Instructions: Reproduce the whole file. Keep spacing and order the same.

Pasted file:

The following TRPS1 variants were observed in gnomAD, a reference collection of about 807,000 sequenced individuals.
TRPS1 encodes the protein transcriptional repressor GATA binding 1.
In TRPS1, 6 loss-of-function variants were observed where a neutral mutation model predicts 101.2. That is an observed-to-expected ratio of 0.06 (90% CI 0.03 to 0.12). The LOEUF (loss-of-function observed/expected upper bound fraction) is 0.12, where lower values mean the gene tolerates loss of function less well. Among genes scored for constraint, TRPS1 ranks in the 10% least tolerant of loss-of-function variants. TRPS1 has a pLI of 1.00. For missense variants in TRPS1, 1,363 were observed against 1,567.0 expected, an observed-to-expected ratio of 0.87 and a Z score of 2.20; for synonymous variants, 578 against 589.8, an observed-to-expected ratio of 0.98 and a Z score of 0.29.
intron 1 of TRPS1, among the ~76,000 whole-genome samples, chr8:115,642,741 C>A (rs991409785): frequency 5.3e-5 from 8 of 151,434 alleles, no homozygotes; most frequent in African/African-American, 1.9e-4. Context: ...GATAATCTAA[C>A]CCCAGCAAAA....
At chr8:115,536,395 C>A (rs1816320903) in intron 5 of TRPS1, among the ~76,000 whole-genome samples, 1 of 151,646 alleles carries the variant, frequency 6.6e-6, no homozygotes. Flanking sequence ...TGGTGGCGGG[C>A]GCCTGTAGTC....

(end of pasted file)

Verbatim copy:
The following TRPS1 variants were observed in gnomAD, a reference collection of about 807,000 sequenced individuals.
TRPS1 encodes the protein transcriptional repressor GATA binding 1.
In TRPS1, 6 loss-of-function variants were observed where a neutral mutation model predicts 101.2. That is an observed-to-expected ratio of 0.06 (90% CI 0.03 to 0.12). The LOEUF (loss-of-function observed/expected upper bound fraction) is 0.12, where lower values mean the gene tolerates loss of function less well. Among genes scored for constraint, TRPS1 ranks in the 10% least tolerant of loss-of-function variants. TRPS1 has a pLI of 1.00. For missense variants in TRPS1, 1,363 were observed against 1,567.0 expected, an observed-to-expected ratio of 0.87 and a Z score of 2.20; for synonymous variants, 578 against 589.8, an observed-to-expected ratio of 0.98 and a Z score of 0.29.
intron 1 of TRPS1, among the ~76,000 whole-genome samples, chr8:115,642,741 C>A (rs991409785): frequency 5.3e-5 from 8 of 151,434 alleles, no homozygotes; most frequent in African/African-American, 1.9e-4. Context: ...GATAATCTAA[C>A]CCCAGCAAAA....
At chr8:115,536,395 C>A (rs1816320903) in intron 5 of TRPS1, among the ~76,000 whole-genome samples, 1 of 151,646 alleles carries the variant, frequency 6.6e-6, no homozygotes. Flanking sequence ...TGGTGGCGGG[C>A]GCCTGTAGTC....